This compressed rendition of the Clark-and-Lois relationship discards its most entertaining feature – all the ironic byplay that arises out of Lois' inability to see that Clark actually is Superman. Here she learns that fact early on; and because Cavill and Adams, hobbled by the movie's PG-13 rating, are unable to generate much of an amorous glow, their romance is stillborn. We might hope that Shannon's General Zod will liven things up; but while Shannon is an actor of formidable intensity, he has no interest in the sort of hambone flamboyance that Terence Stamp ("Kneel before Zod!") brought to this role in the old Donner films. Shannon holds the screen with his commitment to the character, but he doesn't appear to be having much more fun than we are.

With the movie's other elements only lightly cohering, we're left with a whole lot of CGI. Some of it, especially in the early Krypton scenes, has a beautiful high-fantasy sheen; but much of the action – and there's a lot of it – has a stale familiarity. The movie was shot with hand-held cameras, and then converted to 3D in post-production. This dire combination often results in a virtual tornado of digital incoherence. Superman soars around in his new super-suit (it's dark and drab), and most of what we get is whoosh and glare. One long battle with Zod, which lays waste to acres of real estate and was clearly intended to be a knockout sequence, devolves into raw noise and visual muddle. Even the $225-million the movie is reported to have cost to make can't obscure its general messiness

Given the current strategies of international movie-marketing, Man of Steel will probably take in a lot of money. And a sequel is in the works (Superman's Job Hunt). Still, this is a hard film to get excited about. It might win your cash, but possibly not a lot of your enthusiasm.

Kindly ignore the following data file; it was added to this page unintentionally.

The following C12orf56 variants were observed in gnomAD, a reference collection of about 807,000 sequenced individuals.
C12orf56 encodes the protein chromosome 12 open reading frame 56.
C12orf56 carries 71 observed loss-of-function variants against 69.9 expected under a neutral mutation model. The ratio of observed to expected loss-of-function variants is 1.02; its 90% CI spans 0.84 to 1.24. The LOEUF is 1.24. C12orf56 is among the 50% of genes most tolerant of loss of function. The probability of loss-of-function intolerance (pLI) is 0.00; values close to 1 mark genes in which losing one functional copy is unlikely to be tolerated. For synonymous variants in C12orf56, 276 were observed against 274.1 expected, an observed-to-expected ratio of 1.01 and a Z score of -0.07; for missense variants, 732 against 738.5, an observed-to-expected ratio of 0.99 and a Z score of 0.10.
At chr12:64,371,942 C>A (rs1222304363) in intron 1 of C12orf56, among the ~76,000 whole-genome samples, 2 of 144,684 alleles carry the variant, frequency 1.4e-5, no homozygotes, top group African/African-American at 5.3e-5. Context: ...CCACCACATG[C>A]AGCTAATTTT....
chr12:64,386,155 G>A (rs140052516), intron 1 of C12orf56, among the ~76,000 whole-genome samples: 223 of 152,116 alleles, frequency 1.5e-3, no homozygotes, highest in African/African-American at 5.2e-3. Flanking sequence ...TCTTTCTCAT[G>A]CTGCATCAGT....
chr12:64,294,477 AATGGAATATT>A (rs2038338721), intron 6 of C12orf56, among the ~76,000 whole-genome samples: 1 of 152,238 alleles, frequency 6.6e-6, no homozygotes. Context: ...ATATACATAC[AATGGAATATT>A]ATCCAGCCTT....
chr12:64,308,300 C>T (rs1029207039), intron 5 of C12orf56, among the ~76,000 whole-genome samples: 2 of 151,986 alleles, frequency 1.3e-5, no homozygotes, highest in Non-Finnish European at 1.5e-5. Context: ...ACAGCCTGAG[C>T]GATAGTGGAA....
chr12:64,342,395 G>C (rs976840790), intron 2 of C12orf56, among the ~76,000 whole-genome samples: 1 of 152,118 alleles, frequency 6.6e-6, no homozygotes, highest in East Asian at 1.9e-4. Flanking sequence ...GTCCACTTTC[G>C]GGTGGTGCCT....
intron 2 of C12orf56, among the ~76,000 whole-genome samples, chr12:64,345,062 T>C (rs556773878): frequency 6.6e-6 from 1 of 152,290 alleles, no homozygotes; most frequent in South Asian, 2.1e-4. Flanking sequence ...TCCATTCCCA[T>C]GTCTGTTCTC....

The Bling Ring

As we watch the privileged teens in The Bling Ring going about their dumb business – breaking into the homes of their favorite Hollywood celebrities, carting away armloads of luxury swag, and later posing with the stuff in photos they posted on Facebook – it's hard not to think, "What idiots."

Director Sofia Coppola doesn't judge these kids, though. Nor does she seek to project tired platitudes about the amoral youth of today, or the sleaze-pit of American celebrity culture. Her deadpan remove is interesting – the subject itself is unique, in its dismal way, and the personable actors hold our attention – but it's not especially gratifying. Why should we care about these nitwits? Or for that matter the nitwit celebrities they targeted, who blithely left their swank homes unsecured during their frequent absences?

The movie is based on real events recounted in a 2010 Vanity Fair article by Nancy Jo Sales. The kids' names have been changed, but the film otherwise closely follows Sales' story. There are only two famous faces in the cast: Emma Watson, the onetime Hermione, who's entirely convincing as an acidulous Valley girl named Nicki; and Leslie Mann, familiar from several of her husband Judd Apatow's films, who plays Nicki's bubble-headed mother. But the lesser-known actors are solid, too, especially Israel Broussard, who plays the gang's only male member, the hapless fashion victim Marc, and first-time actress Katie Chang, an Illinois high-school student who plays the ringleader Rebecca, and who already displays a star-like presence. (Former Bush frontman Gavin Rossdale also has a small role as an unsavory club manager who fences some of the stolen goods channeled to him by the Bling Ring, as the young housebreakers became known in the press.)